A Level History and Politics students were lucky enough to spend five days in Washington D.C. over half term. With the American Civil War and US politics contributing to a sizeable amount of the syllabuses, this was a golden opportunity to witness the legacy of american history, as well as gaining a greater understanding of how the complex political system operates.

From a historical perspective, a visit to the Confederacy’s White House in Richmond, Virginia was a highlight of the first day. Far from the grand building in which President Trump now resides, it was barely distinguishable from any others in the town and a guided tour gave us an insight into the life of Jefferson Davis (Confederate President) and how his familial and political affairs were interconnected within that one house. A day trip to Gettysburg, Pennsylvania saw us track the pivotal Battle of Gettysburg by foot, and see (through the preserved battlefield) exactly how the Union defeated the Confederate forces and arguably defined the outcome of the Civil War. This was followed by an extremely interesting visit to Mount Vernon Estate, the home of George Washington. Washington - and fellow president Abraham Lincoln - are commemorated by enormous, breathtaking monuments in the National Mall, in addition to that of Martin Luther King Jr. and the Vietnam War Memorial. Lincoln’s assassination site, Ford’s Theatre, is also open to the public where we were able to visualise the exact, shocking circumstances in which he was murdered.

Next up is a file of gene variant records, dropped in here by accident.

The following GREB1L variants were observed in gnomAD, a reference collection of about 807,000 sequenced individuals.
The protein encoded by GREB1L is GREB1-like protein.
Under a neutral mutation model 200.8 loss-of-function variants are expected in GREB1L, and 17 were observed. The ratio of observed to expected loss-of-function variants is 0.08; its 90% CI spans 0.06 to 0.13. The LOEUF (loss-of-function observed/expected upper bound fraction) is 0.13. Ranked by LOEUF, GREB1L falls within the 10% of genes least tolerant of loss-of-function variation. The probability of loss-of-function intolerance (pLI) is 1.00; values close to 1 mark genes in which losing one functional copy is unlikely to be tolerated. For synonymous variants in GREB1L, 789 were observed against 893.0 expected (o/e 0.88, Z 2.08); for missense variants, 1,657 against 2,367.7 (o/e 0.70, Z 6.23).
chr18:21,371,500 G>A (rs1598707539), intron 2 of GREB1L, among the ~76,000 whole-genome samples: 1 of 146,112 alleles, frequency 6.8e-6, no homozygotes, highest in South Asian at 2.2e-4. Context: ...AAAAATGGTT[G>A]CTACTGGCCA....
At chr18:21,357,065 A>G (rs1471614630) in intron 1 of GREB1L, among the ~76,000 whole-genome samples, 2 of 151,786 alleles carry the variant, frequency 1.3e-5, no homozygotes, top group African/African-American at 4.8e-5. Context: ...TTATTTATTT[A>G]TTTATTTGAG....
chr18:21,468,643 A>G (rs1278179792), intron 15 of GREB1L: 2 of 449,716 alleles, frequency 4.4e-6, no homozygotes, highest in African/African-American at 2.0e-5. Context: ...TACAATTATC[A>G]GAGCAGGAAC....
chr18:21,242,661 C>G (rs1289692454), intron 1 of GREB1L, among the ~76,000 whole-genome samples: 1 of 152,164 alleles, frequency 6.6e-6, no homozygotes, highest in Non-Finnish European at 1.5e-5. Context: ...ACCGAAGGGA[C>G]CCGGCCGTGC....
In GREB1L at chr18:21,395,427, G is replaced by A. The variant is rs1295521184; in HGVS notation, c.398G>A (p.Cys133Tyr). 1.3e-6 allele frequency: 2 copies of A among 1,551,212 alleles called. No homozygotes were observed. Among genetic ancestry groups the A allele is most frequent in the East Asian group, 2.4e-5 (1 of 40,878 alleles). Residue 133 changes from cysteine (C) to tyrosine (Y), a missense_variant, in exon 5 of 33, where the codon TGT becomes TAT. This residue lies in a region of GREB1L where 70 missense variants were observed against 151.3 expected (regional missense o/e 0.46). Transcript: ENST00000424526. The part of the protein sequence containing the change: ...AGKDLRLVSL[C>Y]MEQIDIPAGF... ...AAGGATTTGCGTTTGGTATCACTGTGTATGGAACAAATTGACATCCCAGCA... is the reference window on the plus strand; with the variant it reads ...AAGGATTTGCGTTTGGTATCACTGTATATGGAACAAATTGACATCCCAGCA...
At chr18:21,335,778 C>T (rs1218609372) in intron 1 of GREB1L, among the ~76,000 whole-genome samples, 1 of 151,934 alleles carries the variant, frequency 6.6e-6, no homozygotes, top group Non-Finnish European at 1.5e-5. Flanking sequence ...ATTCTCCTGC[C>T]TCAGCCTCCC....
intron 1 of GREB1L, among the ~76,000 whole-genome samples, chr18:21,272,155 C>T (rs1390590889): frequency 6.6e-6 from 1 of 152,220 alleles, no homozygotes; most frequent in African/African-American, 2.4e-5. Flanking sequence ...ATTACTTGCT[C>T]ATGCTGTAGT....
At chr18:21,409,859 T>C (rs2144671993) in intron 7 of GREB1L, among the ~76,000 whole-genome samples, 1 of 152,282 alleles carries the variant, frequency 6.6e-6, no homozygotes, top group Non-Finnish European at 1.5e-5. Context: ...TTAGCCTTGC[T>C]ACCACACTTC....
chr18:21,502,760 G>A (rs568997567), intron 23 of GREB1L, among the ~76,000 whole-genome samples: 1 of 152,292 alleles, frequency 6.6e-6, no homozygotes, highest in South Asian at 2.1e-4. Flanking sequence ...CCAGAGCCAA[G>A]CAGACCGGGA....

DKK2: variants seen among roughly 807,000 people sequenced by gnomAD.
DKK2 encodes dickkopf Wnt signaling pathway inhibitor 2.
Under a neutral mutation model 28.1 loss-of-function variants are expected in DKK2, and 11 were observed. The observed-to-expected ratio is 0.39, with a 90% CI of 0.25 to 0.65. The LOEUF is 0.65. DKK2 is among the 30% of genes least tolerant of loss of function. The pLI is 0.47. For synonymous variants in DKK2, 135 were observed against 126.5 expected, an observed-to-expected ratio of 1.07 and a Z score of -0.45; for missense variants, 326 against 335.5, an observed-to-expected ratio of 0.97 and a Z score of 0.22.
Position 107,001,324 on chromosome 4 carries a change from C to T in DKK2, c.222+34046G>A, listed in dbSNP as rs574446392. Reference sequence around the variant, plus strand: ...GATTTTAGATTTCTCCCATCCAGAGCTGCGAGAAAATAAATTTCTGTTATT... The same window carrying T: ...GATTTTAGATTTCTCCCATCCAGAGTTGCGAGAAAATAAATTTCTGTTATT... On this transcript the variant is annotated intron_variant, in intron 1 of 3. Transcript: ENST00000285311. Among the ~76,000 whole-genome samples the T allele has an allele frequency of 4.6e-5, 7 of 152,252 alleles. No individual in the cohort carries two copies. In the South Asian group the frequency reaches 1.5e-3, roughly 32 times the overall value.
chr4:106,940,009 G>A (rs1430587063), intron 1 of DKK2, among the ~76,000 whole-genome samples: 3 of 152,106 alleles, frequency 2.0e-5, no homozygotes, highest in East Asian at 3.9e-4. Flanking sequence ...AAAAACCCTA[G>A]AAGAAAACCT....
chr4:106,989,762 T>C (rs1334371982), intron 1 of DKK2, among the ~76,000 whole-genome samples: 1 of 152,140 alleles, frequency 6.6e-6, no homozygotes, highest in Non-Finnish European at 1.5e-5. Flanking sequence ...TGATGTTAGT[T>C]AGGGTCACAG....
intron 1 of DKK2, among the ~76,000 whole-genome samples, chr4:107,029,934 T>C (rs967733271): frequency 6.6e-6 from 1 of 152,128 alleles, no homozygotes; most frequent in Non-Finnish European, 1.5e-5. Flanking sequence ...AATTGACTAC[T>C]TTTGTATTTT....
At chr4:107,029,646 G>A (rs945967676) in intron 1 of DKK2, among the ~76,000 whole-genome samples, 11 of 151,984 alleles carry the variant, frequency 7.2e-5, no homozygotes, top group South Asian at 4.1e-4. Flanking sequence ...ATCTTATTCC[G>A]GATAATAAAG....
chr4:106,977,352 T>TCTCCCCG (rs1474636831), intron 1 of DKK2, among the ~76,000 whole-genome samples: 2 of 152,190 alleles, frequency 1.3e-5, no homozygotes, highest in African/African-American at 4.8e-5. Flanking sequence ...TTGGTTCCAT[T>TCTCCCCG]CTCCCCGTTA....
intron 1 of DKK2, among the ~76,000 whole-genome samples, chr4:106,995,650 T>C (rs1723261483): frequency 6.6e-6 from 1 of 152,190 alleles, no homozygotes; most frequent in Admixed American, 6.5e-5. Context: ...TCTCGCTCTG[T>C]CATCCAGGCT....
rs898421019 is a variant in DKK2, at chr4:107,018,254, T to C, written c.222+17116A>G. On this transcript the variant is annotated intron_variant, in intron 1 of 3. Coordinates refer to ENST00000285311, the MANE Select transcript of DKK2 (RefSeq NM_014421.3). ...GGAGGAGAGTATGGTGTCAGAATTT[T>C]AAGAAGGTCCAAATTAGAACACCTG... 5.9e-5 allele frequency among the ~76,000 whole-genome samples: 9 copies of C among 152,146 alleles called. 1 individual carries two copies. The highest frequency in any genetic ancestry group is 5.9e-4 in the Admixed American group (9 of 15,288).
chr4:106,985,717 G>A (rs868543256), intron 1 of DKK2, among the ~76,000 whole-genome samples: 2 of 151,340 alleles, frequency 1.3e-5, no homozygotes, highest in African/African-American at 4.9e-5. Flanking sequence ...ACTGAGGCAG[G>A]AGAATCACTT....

From a political viewpoint, the US Capitol building was no doubt the main attraction of the trip. We were able to watch the debates in the Senate, as well as have a guided tour including the Capitol’s iconic dome. Nearby was the Supreme Court and the White House, both of which we saw from the outside before heading to the National Archives Museum. Seeing the original 250-year-old documents that are the US Constitution and the Declaration of Independence was truly mind-blowing, given the sheer significance of their content in the whole of US society. Whilst we were in Richmond, we also visited the Virginian Capitol to learn more specifically about state government, listening to talks from two government employees.

The inaugural Washington D.C. scavenger hunt proved a lovely way to explore the city in a more relaxed manner. Overall the trip was jam-packed and extremely enriching and informative. Personally, seeing the breadth of history that exists in such a small city was amazing, considering how the country has evolved into what it is today. Thanks are owed to the History and Politics Team for organising an incredible trip.